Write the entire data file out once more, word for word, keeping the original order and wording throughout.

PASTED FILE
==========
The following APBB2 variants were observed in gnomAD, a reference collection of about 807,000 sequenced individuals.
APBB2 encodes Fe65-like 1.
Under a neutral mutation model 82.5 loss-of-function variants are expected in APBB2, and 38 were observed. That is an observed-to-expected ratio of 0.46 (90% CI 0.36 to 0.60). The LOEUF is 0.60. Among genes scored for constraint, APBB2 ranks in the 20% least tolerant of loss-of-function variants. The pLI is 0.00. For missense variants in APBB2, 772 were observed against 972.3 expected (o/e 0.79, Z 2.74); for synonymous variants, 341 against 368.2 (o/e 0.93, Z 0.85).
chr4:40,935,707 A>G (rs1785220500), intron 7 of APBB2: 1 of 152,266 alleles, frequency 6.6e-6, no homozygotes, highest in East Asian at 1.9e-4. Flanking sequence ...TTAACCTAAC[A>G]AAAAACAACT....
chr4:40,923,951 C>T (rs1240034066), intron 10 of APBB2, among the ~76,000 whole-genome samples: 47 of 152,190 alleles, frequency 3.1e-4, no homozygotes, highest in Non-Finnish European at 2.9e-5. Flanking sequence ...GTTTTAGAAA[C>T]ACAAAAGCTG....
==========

The following APBB2 variants were observed in gnomAD, a reference collection of about 807,000 sequenced individuals.
APBB2 encodes Fe65-like 1.
Under a neutral mutation model 82.5 loss-of-function variants are expected in APBB2, and 38 were observed. That is an observed-to-expected ratio of 0.46 (90% CI 0.36 to 0.60). The LOEUF is 0.60. Among genes scored for constraint, APBB2 ranks in the 20% least tolerant of loss-of-function variants. The pLI is 0.00. For missense variants in APBB2, 772 were observed against 972.3 expected (o/e 0.79, Z 2.74); for synonymous variants, 341 against 368.2 (o/e 0.93, Z 0.85).
chr4:40,935,707 A>G (rs1785220500), intron 7 of APBB2: 1 of 152,266 alleles, frequency 6.6e-6, no homozygotes, highest in East Asian at 1.9e-4. Flanking sequence ...TTAACCTAAC[A>G]AAAAACAACT....
chr4:40,923,951 C>T (rs1240034066), intron 10 of APBB2, among the ~76,000 whole-genome samples: 47 of 152,190 alleles, frequency 3.1e-4, no homozygotes, highest in Non-Finnish European at 2.9e-5. Flanking sequence ...GTTTTAGAAA[C>T]ACAAAAGCTG....